— Yes, we were riding in two countries, but the only visible transition was the flags hanging from the windows. In fact, due to the World Cup, there were many Belgian flags. Unfortunately BE was eliminated on the evening of the ride finish. Of course it was Belgium that eliminated the U.S. the evening before the ride start but did anyone expect otherwise?

— Volunteers, contrasting with the Irish ride — Jan manage the ride with himself and two volunteers riding in a large van. With 25 riders more-or-less riding a similar schedule that works quite well. In Ireland there was a team of volunteers at the overnight controls who provided food etc. That was necessary in Ireland due to the late night finishes. Different rides, different needs.

How did my ride go? Very well, as a matter of fact.

As usual, I set my own pace. I really should work at that, i.e. pick up the pace, but there’s little incentive. I don’t really enjoy a tight group ride and dropped back early on. Hamid stuck with some of the faster riders – he’s really upped his game – and finished the first day about 45 minutes ahead of me at 9pm vs. my 9:45 – PS being so far north and close to June 21 means long days. That first day had the most climbing, around 7,000 feet but the slopes are all gentle. That night we stopped just north of Paris.

There were poppies everywhere. There were small military cemeteries with crosses all lined up; no names. I was reminded of the poem “In Flanders Fields” but in fact the poppies were along and in the farmed fields, not among the crosses. Those little cemeteries were well tended.

On the second day Hamid and I left shortly before the main group, followed the canals into Paris, had a cappuccino after going around the Arc de Triomphe and largely followed the Loire to Cosne sur Loire. There wasn’t much climbing that day. It was hot, hot, hot. We (Hamid and I riding together at this point and for the rest of the ride) finished up around 8pm. Paris was slow going what with the sightseeing (mandatory) and bike paths and traffic, but that is the trade-off. We rode many many miles (km?) along a levee along the Loire as we worked our way south. The second day had less than 3,000 feet of climbing.

I have to say that if there are highlights to be mentioned and I’m limited to two, that would be Paris early on the first day and Champagne late on the third. Gentle climbs as we started our way back north, a short flat interlude and then climbing in earnest. We’re not talking the Shenandoah Valley climbing here, but we did have at least one low gear up-we-go in Champagne. We finished the third day about the same time – 8pm give or take. There was about 600 feet of climbing that day.

Hamid and I started early on the fourth day, wanting to get it done and to get packed before the celebratory party. He was flying home the next day and I was heading to Paris.

Jan was very accommodating providing bread, meat and cheese so that we could make sandwiches to take with us. There are no 24×7 convenience stores here. If we didn’t carry food with us, we’d have been running on empty.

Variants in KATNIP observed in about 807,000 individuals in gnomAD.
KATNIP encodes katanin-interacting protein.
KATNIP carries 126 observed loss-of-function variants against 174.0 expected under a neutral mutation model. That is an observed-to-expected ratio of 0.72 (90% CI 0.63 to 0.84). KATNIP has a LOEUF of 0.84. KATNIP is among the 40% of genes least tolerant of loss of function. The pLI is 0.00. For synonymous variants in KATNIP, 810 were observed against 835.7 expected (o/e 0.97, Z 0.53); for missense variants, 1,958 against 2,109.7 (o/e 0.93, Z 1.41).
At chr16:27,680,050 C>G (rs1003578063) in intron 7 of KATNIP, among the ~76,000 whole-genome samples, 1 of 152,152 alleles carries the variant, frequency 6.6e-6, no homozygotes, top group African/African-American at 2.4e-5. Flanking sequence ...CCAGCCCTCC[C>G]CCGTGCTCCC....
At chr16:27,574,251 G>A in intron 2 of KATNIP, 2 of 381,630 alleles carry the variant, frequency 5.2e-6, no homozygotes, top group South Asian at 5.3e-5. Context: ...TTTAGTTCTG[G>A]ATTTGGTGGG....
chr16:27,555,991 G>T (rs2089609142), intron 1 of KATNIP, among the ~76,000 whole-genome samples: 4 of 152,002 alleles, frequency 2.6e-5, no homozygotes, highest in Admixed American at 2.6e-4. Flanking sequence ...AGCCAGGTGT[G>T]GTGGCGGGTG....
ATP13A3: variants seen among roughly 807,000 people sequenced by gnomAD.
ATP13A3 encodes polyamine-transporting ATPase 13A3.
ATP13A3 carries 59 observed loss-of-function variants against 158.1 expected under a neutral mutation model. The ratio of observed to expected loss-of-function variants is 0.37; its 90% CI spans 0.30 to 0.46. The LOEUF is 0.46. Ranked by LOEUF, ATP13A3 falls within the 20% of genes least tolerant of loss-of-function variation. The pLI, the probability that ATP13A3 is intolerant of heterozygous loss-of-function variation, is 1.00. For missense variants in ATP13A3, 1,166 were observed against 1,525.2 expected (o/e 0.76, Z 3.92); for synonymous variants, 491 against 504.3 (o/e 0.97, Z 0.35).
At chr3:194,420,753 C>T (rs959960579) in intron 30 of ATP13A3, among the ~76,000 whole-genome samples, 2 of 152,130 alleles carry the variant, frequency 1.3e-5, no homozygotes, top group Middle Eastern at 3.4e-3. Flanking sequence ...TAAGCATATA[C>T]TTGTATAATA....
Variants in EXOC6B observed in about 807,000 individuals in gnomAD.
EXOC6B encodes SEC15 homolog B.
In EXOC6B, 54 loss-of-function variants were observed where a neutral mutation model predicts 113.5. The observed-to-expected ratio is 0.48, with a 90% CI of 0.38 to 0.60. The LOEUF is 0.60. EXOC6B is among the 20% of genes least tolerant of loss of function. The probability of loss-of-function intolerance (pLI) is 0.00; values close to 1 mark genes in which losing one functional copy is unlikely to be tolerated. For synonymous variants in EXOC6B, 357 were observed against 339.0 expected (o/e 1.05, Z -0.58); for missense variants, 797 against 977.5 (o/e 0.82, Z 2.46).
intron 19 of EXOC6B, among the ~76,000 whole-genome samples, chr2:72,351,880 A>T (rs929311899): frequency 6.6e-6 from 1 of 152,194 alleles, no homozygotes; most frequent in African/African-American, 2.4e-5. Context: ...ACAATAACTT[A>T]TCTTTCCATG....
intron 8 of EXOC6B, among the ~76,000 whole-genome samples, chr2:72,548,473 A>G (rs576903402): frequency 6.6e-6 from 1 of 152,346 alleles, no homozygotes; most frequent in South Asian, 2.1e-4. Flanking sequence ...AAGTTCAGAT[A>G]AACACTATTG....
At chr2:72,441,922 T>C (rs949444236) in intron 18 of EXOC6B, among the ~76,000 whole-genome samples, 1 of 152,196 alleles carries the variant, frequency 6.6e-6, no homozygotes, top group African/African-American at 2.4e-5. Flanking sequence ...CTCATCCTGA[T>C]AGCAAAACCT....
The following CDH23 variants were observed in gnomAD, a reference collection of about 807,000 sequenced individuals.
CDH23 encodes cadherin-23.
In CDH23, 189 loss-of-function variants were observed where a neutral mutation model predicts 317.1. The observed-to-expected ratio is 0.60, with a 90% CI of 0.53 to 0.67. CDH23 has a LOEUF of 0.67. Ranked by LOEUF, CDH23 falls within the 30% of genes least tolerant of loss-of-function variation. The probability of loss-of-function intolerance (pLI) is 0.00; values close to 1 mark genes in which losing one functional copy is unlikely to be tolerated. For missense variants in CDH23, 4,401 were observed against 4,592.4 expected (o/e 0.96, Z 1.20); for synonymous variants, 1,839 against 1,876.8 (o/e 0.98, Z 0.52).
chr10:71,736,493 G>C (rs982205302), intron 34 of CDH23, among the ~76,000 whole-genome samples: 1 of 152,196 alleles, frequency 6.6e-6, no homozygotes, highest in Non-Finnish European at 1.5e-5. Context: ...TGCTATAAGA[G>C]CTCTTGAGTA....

We started that day at 1:40 am and finished at 3:50 pm. That put the official total ride time at 82:50. This is one that definitely could be finished faster … but why?

The next rider in was only about 1/2 hour later even though he started around 5am. Now that’s pushing it!

Jan held the finishing celebration barbecue at 8pm. Eight of the twenty-five riders were still out in the course. They all made it in by 9pm. No DNFs. Around 9:30 the Mayor of Herentals handed out medals. A few family members were in attendance including Hamid’s wife Shab and her brother.

I waited for Hamid only a couple of times on the Irish ride. On this ride, in fact, he was often waiting for me. My normal pace is slower than his. He’s an entirely different, stronger rider than when we first rode together. He probably could have kept up with the fast group, but not me. I was able to up my pace to his when I needed to, not pushing myself per se, but left to my own devices, I’d have ridden slower. That said, I would have also stopped for less time at night so perhaps it would have worked out the same in the end? We will never know. This is certainly a ride that can be done sub 80 hours.

As always, Hamid is a great riding partner. We have many rides together at this point.

What’s it like doing two of these with only a week between? No problem! In fact, they are an ideal pair with the harder ride first. What would I do differently next time? Well, first of all I wouldn’t carry so much spare gear. Jan was always out there so did I really need that spare Shifter with me? Cassette tool? Food and clothing that I carried up the hills in the large rack-bag that I never touched? Oh well, I had a great time; always do. There were many riders who were out there with a seat-wedgie and camel-back sized backpack. That would make for light, fast, responsive riding.

There’s as much personal satisfaction from completing number 16 as number 1. I’m so lucky to have the financial wherewithal, health and understanding spouse to do this. Please don’t tell Sandy though!

Race Across the West